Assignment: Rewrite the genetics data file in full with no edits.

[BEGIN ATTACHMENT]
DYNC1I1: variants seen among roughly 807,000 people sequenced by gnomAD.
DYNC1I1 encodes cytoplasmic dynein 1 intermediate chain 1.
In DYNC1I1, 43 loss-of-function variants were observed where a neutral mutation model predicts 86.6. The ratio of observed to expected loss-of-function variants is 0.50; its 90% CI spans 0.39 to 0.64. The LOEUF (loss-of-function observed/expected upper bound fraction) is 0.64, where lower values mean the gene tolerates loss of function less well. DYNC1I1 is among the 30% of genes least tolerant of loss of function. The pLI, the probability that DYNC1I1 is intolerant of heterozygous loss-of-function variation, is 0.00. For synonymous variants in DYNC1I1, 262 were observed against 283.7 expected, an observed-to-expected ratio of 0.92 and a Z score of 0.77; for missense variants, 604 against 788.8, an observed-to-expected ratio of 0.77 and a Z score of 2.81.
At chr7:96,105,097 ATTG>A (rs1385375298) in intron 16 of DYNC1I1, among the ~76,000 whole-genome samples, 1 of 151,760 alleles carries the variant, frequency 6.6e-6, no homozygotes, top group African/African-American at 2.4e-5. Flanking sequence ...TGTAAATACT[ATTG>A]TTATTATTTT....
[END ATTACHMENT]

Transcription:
DYNC1I1: variants seen among roughly 807,000 people sequenced by gnomAD.
DYNC1I1 encodes cytoplasmic dynein 1 intermediate chain 1.
In DYNC1I1, 43 loss-of-function variants were observed where a neutral mutation model predicts 86.6. The ratio of observed to expected loss-of-function variants is 0.50; its 90% CI spans 0.39 to 0.64. The LOEUF (loss-of-function observed/expected upper bound fraction) is 0.64, where lower values mean the gene tolerates loss of function less well. DYNC1I1 is among the 30% of genes least tolerant of loss of function. The pLI, the probability that DYNC1I1 is intolerant of heterozygous loss-of-function variation, is 0.00. For synonymous variants in DYNC1I1, 262 were observed against 283.7 expected, an observed-to-expected ratio of 0.92 and a Z score of 0.77; for missense variants, 604 against 788.8, an observed-to-expected ratio of 0.77 and a Z score of 2.81.
At chr7:96,105,097 ATTG>A (rs1385375298) in intron 16 of DYNC1I1, among the ~76,000 whole-genome samples, 1 of 151,760 alleles carries the variant, frequency 6.6e-6, no homozygotes, top group African/African-American at 2.4e-5. Flanking sequence ...TGTAAATACT[ATTG>A]TTATTATTTT....